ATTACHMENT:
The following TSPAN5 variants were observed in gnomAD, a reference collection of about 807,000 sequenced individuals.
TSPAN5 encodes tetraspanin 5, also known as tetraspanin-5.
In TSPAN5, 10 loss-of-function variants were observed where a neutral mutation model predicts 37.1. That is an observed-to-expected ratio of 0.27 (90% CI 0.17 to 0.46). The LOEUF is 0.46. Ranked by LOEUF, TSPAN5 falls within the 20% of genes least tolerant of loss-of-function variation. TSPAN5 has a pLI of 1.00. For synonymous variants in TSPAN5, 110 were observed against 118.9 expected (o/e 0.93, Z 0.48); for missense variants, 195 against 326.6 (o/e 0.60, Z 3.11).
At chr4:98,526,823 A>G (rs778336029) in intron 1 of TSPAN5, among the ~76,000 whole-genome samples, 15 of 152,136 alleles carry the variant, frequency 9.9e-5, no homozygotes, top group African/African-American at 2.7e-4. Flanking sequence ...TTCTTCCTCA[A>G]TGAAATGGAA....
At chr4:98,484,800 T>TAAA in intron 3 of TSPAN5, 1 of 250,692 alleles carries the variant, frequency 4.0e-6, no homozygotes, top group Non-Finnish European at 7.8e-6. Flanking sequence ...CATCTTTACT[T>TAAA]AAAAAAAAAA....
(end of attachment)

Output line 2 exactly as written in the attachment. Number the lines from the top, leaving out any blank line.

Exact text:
TSPAN5 encodes tetraspanin 5, also known as tetraspanin-5.